Homophobia and foreign policy

A couple of weeks ago, either read in a news paper or saw a post here on Mitt Romney‘s foreign affairs spokesman. The guy is openly gay, and of course, the folks that make up the base for the presumptive Republican nominee for president went nuts.

Of course, he resigned this week. I didn’t post when it happened because … of course he was going to resign.

A former U.S. ambassador to Romania had something to say about this in the Washington Post:

In 2001, when I, an openly gay career Foreign Service officer, was sworn in to serve as U.S. ambassador to Romania, I and many others hoped that the Republican Party’s obsession with demonizing gay and lesbian citizens was at an overdue end. George W. Bush had chosen me, after all, and a secretary of state known to have advocated for “don’t ask, don’t tell” had sworn me in.

It wasn’t long before that hope was shattered. For months I received bags of hate mail, much of it from writers who identified themselves as “loyal Republicans.” A Republican congressional aide called soon after my arrival in Romania to ask whether my partner’s “socks and underwear” had been transported at taxpayer expense. It quickly became clear to me that the organizations that decried my nomination, or even called for it to be rescinded, shared a Republican membership base.

(Um … of course his partner’s socks and underwear would be transported at taxpayer expense. When you go from one country to another to do a job, it’s called relocation, or, since the congressional aide is a moron, I’ll use the simpler word: moving.)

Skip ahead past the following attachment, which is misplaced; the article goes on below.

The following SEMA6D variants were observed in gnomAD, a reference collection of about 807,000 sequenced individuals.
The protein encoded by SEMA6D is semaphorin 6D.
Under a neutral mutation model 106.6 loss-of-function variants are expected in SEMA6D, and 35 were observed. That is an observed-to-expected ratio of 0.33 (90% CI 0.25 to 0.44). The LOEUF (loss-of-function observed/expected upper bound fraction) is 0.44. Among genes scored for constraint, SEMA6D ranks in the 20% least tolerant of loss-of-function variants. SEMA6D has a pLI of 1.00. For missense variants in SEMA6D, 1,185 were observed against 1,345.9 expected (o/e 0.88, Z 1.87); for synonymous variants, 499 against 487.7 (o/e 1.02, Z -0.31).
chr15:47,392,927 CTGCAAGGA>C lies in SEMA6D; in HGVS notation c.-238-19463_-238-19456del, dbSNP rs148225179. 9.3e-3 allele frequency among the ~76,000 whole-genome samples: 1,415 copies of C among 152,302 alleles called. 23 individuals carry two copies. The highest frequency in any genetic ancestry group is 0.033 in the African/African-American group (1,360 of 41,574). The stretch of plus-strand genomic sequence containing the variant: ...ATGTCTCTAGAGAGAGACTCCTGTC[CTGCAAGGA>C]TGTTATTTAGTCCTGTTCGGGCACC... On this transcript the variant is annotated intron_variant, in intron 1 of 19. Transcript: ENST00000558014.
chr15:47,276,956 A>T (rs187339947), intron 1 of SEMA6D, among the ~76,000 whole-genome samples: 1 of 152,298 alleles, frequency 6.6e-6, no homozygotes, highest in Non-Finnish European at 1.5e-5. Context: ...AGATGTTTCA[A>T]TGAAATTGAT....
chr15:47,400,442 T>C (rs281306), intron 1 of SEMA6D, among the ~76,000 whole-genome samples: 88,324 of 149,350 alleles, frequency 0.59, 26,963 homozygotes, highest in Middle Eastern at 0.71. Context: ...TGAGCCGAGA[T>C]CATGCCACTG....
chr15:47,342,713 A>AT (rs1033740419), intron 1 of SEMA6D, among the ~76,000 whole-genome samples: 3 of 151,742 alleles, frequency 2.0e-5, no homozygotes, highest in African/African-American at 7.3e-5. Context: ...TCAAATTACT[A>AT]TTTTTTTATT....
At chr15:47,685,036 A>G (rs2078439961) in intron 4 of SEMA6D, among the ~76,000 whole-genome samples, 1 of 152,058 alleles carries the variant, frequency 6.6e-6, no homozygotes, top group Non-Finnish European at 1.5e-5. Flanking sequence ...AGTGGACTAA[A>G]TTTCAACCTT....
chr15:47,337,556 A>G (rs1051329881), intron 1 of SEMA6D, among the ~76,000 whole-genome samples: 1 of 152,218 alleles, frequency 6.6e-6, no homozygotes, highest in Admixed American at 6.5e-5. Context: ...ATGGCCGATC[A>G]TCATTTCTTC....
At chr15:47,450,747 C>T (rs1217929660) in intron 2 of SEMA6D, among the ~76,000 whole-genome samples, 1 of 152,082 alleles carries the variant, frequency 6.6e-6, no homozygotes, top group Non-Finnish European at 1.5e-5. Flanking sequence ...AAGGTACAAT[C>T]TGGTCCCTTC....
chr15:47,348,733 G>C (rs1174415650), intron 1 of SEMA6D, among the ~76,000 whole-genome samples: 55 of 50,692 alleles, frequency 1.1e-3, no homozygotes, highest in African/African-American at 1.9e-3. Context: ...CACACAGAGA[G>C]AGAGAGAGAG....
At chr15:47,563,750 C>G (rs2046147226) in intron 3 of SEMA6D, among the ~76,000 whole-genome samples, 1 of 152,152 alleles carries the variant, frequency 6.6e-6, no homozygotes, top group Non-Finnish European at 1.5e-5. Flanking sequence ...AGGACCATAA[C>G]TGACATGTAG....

But then the opinion writer goes into fantasy land:

But Romney’s slowness to comment amid the noise since Grenell’s resignation raises questions about his principles, as well as the quality and depth of his leadership. That’s what should concern us most in this sad affair. We should expect Romney to go further in making clear that issues of sexual orientation will have no bearing on any personnel decisions he makes, whether in his campaign or, should he be elected, in the administration he would lead.

Dream on, former ambassador. You think it’s your party, but they’ve rescinded your invitation.

1 thought on “Homophobia and foreign policy

  1. Gay rights advocates criticized her for waiting until after the 2004 election to voice her disapproval of George W. Bush ‘s positions on gay rights. Noted gay columnist Dan Savage referred to her in his column as a “useless dyke.” During Mary Cheney’s May 19, 2006, appearance on The Late Show with David Letterman , Letterman addressed some of the issues raised by the gay community. He questioned Cheney on why she waited two years after the 2004 election to speak publicly about gay marriage and rights. He also asked whether she had any input on her father’s administration regarding gay issues. Cheney responded that she did not, and that it is not her job to do so.

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